Every piece of technology has a lifespan, and even smaller companies likely have a technology closet with at least a few “retired” hard drives tucked into a corner.

Although these machines may have been wiped using software designed to destroy data digitally, the best way to be sure a hard drive won’t fall into the wrong hands is through destruction. And, that’s where drive shredding comes into play.

When shopping around for a computer recycler, here are some guidelines for choosing a service that’s right for your business:


Proof of background checks, security controls

Reputable data security businesses love to talk about their own security measures, in part because they’ve spent so much energy and time to put them into place.

Relevant industry certifications

Look for industry certifications, such as the ISO 14001:2004, R2, and e-Stewards, which means that the company is adept at environmental management when it comes to digital waste and fully accountable for every pound of equipment that comes into their building.

Open Door Policy

Your vendor should welcome customer visits. If your vendor doesn’t allow you to see the shredding take place, quickly choose a new vendor.
Able to shred all types of drives

When it comes to deciding what drives should be destroyed, many companies neglect to include some important drives because they aren’t located in laptops or desktops. Most notable, drives within photocopiers can’t be ignored, because these drives often hold digital images of everything that’s been copied during the copier’s lifetime.

Provide proof of destruction

In some industries, such as banking and health care, regulations dictate that companies need to keep records pertaining to how, when and by what method the data are destroyed. A reputable shredding company can provide written proof tailored to these regulatory mandates.

Read more about AnythingIT’s data destruction HERE.

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Every year, hundreds of hulking vessels around the world are retired by their owners and sold to metal scrappers on the beaches of developing countries. The migrant workers at the shipbreaking yards have a raw deal. In India, they travel long distances, hundreds, sometimes thousands of kilometers, before landing a job at one of the shipbreaking yards. Here, they end up stripping entire ships with bare hands, sledgehammers and gas torches.

Much like illegal dumping of electronic waste in China, India, and Africa, the work often comes with a cost – to human health and safety and the environment. Old ships contain a long list of hazardous wastes – including PCBs, asbestos, lead and oil. For the workers in developing nations the opportunity to work in the shipbreaking yard often means the only chance at survival. And yet for the workers and their environment, breaking old ships can have deadly consequences.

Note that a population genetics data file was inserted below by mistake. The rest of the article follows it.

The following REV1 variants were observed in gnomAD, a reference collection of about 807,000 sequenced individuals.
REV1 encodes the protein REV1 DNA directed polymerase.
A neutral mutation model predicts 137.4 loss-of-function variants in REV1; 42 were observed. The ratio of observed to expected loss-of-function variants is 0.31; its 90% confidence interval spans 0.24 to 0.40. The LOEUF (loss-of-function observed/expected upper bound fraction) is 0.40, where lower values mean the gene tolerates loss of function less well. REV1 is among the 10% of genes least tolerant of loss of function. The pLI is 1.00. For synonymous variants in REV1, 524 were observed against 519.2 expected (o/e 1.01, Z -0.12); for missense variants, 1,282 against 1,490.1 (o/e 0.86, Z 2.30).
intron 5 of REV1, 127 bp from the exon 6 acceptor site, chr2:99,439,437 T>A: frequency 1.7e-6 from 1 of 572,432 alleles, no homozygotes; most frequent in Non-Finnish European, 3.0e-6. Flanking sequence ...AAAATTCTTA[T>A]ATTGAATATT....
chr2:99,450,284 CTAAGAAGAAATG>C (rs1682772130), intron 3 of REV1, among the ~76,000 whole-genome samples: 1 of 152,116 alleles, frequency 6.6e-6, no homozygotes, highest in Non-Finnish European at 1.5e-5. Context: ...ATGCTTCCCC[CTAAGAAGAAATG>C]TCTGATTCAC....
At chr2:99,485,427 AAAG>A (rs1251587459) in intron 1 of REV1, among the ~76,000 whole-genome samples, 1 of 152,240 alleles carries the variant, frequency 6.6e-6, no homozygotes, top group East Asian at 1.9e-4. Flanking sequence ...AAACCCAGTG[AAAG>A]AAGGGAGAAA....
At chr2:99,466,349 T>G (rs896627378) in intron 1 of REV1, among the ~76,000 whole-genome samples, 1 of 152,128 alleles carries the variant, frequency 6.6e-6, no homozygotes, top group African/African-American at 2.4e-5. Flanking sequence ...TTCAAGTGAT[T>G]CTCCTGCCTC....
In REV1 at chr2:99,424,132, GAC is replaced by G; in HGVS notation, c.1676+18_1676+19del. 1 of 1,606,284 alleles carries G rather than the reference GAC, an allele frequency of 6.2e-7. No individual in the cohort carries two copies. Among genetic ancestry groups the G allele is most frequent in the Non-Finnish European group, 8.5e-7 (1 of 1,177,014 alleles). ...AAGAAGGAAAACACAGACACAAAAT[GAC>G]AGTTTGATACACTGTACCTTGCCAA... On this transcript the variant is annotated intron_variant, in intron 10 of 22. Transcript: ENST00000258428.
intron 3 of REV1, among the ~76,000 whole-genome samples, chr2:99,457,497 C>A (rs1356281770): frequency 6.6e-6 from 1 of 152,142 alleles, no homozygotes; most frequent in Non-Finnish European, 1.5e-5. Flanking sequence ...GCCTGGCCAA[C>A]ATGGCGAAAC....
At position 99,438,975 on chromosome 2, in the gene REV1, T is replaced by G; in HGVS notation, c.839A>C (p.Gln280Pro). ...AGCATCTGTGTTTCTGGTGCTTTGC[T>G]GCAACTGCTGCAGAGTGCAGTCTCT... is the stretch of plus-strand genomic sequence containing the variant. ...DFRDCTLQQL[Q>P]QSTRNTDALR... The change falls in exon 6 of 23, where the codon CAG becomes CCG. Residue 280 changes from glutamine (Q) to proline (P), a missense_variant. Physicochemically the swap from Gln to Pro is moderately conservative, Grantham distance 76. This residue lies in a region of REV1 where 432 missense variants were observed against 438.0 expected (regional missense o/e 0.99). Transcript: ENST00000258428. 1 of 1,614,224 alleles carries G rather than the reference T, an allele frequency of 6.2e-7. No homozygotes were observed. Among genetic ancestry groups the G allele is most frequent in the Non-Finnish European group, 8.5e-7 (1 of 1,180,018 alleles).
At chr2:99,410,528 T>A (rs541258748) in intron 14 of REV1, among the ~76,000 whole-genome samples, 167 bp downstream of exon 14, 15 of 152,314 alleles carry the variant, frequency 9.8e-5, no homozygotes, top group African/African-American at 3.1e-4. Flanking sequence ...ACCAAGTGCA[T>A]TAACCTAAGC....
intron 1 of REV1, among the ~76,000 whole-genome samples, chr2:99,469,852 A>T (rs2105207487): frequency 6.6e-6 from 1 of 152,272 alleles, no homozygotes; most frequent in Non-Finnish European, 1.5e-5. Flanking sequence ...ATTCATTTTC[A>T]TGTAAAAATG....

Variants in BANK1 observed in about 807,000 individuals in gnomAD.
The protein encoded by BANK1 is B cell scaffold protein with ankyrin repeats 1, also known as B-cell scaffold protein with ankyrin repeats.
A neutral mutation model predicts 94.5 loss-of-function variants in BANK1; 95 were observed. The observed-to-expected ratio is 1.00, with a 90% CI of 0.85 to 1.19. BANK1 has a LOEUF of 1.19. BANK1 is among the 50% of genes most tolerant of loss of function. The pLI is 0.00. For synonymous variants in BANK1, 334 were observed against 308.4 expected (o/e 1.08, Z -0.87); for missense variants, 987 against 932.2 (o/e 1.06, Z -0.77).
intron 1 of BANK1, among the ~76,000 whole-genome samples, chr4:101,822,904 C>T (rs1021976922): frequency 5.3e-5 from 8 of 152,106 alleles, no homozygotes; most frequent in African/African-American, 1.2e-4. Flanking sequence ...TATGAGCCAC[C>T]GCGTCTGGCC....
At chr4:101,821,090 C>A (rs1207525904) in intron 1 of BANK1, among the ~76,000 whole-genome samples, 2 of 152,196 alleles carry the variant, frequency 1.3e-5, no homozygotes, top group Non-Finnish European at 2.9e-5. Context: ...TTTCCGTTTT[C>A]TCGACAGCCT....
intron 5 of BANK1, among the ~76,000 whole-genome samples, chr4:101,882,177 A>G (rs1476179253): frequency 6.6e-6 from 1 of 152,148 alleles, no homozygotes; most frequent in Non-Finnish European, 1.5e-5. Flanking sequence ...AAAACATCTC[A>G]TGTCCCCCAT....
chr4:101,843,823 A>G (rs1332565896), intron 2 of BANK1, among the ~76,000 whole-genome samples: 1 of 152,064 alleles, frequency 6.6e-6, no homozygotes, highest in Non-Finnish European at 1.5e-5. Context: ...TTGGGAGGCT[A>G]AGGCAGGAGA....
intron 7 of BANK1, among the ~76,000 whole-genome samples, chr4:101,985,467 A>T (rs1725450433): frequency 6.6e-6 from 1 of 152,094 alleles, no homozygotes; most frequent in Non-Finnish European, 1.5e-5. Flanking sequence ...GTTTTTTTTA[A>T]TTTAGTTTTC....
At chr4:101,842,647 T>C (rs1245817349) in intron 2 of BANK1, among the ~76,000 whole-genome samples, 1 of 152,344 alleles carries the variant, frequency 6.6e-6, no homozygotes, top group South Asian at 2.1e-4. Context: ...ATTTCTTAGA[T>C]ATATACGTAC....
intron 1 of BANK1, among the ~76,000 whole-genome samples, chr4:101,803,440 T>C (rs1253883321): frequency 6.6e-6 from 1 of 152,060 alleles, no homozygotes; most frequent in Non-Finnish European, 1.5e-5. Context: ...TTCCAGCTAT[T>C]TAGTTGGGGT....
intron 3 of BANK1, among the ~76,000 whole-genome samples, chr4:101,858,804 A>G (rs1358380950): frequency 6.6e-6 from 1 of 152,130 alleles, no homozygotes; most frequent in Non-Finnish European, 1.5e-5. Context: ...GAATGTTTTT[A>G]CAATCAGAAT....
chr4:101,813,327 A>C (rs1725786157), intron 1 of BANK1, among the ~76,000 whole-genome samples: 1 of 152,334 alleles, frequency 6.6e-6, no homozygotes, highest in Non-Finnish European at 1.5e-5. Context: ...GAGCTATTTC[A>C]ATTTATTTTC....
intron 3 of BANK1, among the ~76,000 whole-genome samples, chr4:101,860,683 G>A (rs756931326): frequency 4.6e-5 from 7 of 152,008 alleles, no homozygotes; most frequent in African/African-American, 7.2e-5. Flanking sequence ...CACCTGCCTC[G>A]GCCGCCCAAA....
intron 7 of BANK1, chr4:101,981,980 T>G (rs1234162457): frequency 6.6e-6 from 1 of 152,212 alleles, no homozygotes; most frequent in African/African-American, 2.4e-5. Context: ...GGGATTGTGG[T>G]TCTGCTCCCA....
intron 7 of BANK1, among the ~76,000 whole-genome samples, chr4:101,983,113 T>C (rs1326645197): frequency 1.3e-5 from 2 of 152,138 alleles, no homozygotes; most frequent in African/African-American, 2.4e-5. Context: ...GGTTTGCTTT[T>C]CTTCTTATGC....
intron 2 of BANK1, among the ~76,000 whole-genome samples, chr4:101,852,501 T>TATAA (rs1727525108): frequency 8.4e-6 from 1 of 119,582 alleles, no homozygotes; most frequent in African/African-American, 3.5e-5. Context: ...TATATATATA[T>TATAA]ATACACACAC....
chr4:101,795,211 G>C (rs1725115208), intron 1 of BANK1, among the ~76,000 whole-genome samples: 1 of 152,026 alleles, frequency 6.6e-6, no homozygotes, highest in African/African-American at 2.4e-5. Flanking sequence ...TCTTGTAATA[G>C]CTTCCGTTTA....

In 1998, Greenpeace activists visited the shipbreaking yard in Alang, India posing at ship enthusiasts.

They collected samples from the yard where the workers worked and lived. Read the report HERE.

According to Marietta Harjono, from Greenpeace, “”If you sell a ship to a shipbreaking country you can earn ten to twenty million dollars. You receive the price of the steel. But you are not charged with the money for the lost lives or money for the toxic waste on board. Shipbreaking countries are paying to become polluted.”

There ARE reputable shipbreakers, much like there are reputable computer recyclers. In Port Colborne, Ontario, Canada, there is the only shipbreaking yard that meets all international standards for environmental and worker safety, but they compete for the same business that Alang, India does, and they often lose.

For more information, visit www.ban.org

Or call us.

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In an age in which data can move about in the blink of an eye and mobile devices take on many forms, corporations are more at risk of losing sensitive data than ever. Large security breaches from professional hackers aside, an increasingly critical concern for industry is the risk factor associated with employees themselves.

IDC Canada reports that e-mail is the number one source of data loss, with laptops second, and removable media third. Employees and employers are both to blame, says Linda Park, senior product manager of data loss prevention for Symantec in San Francisco.  “Employees are doing things in lots of different places, and no one is bothering to clean it up or enforce policies.”

According to insurancequotes.org, “The economy loses an average of $22,346 for every time an identity is stolen. And to fully recuperate losses, repair credit and prosecute fraudsters, consumers, accountants, lawyers and IRS officials can spend up to 5,000 hours, the equivalent of two years of full-time work on a single case.”

Watch “The Hidden Cost of Data Theft”

With identity theft-related tax fraud becoming a growing problem, consumers need to protect their social security number, take on line precautions, and of course, make sure that their computers are disposed of properly. Computer recyclers that are not certified may not be wiping hard drives correctly. For more information about data security in retired IT assets, contact us.

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